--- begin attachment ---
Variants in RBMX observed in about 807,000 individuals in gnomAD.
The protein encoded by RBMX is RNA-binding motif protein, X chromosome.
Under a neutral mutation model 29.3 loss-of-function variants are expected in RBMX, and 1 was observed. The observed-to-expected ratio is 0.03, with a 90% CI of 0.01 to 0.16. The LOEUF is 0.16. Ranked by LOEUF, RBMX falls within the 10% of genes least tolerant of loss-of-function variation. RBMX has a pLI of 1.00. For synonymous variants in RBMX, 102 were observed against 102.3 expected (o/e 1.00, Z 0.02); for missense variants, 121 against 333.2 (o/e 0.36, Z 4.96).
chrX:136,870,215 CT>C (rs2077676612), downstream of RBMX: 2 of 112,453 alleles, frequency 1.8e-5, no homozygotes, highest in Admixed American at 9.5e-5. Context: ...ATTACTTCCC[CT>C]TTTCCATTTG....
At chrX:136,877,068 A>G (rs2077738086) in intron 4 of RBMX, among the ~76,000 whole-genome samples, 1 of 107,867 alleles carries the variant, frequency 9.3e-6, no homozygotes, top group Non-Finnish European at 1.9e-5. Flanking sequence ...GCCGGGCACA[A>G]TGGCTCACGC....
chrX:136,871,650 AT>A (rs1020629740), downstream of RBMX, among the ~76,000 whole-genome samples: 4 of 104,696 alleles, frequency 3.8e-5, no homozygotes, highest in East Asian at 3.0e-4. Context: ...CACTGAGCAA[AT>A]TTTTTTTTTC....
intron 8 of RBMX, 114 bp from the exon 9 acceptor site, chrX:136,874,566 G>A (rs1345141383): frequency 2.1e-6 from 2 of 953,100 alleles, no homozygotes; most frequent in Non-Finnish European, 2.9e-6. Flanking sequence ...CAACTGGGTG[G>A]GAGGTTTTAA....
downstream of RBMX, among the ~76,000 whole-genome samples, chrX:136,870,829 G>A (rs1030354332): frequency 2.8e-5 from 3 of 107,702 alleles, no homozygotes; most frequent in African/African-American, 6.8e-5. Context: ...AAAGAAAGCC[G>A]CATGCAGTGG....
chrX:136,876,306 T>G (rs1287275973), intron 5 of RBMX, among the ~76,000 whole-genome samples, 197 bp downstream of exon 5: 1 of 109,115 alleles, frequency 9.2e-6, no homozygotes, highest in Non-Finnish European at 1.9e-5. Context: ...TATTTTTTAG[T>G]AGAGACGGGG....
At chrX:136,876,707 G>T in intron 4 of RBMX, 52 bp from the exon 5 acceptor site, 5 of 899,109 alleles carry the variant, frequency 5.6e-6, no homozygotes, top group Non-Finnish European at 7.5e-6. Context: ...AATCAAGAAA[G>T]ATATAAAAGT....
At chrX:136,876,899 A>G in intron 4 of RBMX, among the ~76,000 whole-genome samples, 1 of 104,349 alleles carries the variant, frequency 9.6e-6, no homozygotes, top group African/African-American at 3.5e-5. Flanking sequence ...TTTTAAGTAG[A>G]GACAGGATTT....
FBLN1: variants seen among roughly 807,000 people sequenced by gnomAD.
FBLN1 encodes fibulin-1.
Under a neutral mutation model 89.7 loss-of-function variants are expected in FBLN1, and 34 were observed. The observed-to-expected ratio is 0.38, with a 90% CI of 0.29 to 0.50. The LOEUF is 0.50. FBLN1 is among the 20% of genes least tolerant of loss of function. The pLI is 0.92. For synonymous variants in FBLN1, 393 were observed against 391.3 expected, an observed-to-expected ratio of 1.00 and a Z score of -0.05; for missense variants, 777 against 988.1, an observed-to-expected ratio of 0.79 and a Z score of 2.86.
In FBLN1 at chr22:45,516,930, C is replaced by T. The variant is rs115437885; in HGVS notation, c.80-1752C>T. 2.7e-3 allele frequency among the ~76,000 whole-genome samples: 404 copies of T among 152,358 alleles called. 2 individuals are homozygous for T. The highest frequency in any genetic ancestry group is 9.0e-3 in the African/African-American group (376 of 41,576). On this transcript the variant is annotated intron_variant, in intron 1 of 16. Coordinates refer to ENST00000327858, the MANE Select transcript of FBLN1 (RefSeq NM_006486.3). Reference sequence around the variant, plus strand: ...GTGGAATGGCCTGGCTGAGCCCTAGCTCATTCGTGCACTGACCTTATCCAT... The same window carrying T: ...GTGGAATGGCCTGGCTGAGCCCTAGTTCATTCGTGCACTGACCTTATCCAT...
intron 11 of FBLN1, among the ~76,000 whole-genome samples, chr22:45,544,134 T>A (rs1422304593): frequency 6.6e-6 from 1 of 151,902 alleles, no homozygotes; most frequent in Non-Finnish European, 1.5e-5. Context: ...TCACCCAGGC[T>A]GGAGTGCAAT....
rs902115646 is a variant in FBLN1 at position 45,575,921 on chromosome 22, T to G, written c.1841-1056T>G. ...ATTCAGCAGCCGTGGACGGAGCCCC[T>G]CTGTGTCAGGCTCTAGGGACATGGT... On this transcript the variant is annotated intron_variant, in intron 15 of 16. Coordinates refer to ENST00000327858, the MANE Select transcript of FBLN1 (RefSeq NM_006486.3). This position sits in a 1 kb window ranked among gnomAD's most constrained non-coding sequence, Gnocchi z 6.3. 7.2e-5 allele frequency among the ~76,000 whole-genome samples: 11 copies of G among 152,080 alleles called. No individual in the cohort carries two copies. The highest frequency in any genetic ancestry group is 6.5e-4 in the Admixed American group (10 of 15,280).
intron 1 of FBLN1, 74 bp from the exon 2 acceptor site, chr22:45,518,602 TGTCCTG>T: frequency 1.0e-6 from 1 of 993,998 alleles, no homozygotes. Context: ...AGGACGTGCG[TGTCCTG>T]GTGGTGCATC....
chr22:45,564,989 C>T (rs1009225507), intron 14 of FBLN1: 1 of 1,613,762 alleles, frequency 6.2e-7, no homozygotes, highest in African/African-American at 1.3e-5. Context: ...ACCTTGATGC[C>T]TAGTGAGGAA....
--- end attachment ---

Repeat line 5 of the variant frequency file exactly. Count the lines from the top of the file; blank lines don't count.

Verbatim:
At chrX:136,877,068 A>G (rs2077738086) in intron 4 of RBMX, among the ~76,000 whole-genome samples, 1 of 107,867 alleles carries the variant, frequency 9.3e-6, no homozygotes, top group Non-Finnish European at 1.9e-5. Flanking sequence ...GCCGGGCACA[A>G]TGGCTCACGC....